What is our defense budget? It is actually difficult to get your hands around this one. Budget approvals arise from a series of overlapping resolutions in Congress, while the incremental costs for the wars in Afghanistan and Iraq have been accounted for separately, “off the books," so to speak. In general terms, our annual military spending is roughly $700 billion, with another $150 billion for marginal war costs. Latest cumulative figures on the two wars are $1.38 trillion. Breakdowns are difficult to come by, too, but estimates are that fewer than one in four dollars relate to personnel.
How do we put these figures in perspective? The Stockholm International Peace Research Institute (“SIPRI”) can help us out here. This organization conducts research on conflict and cooperation related to international peace and security and produces a downloadable file detailing the annual defense spending for 154 countries across the globe. We command the top spot, as one might suspect, but you have to add up the next 17 nations to equal our commitments. China is a distant second, less than 19% of our total amount. When is enough, enough?
So, why the love for arms and munitions by Republicans? Money, of course, and lots of it, but the need for constant repetition, perhaps, goes back to the Reagan years. Nearing the end of the Cold War, President Reagan insisted on building up the military, making highly public demands due to the threat of communism. Military morale was down at the time, but doubling defense spending over five years to $287 billion in 1985 revitalized the corps’ fighting spirit. The increased spending also was another form of government stimulus, helpful during the recovery years of his administration. One could say that President Reagan was a “Keynesian” from an economic perspective.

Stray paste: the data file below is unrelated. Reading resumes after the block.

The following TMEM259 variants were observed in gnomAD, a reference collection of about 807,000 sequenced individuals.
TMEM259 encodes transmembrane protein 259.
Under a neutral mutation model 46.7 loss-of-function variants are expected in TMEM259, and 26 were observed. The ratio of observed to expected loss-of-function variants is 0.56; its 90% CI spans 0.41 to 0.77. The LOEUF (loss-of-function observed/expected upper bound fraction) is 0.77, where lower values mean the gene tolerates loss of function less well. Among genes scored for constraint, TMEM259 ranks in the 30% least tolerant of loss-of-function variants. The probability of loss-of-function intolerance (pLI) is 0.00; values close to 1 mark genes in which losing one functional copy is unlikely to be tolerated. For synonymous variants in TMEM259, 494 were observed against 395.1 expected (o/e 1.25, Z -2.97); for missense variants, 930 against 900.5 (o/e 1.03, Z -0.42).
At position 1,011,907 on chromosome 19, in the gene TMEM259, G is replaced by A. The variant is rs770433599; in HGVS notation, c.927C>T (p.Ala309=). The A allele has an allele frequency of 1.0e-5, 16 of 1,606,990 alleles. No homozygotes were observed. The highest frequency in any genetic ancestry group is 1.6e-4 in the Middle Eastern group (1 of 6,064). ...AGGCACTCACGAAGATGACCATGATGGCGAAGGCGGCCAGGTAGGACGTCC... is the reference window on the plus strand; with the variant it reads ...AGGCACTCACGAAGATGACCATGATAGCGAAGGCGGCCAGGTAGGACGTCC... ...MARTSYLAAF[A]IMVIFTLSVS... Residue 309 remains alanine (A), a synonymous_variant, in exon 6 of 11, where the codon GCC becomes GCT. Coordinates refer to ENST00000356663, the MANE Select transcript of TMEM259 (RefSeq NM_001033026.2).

Critics charge that Reagan unnecessarily imperiled world peace, but there were many positive outcomes in rebuttal, especially in polling results from the electorate. Campaign strategists always repeat a successful election “playbook," regardless of the times or circumstances. Republicans now clamor for another $2 trillion in military spending, even when the generals in charge declare there is no need.
In the recent foreign policy debate, Romney vaulted once more to a more moderate stance. He literally sent his hawkish advisors, John Bolton, Dan Senor and other neocons from the Bush years packing to the shadows until after Election Day. No sense scaring the wits out of “Moms” by hinting at war when he desperately needs more women to vote on his behalf. Obama’s foreign policy positions suddenly became “Moderate Mitt’s” safety net.
As with Romney’s tax plan, his math to balance the budget does not work, either. There are not enough dollars in social programs to make a sizable dent in the deficit. Military spending must also decline, not increase, as one would expect after concluding two wars. The military-industrial complex must be reined in for once. Their profits need to be re-directed to rebuild our decaying infrastructure and manufacturing base. Lean Forward!
If you like writing about US politics and Campaign 2012, enter "The American Pundit" competition. Allvoices is awarding four $250 prizes each month between now and November. These monthly winners earn eligibility for the $5,000 grand prize, to be awarded after the November election.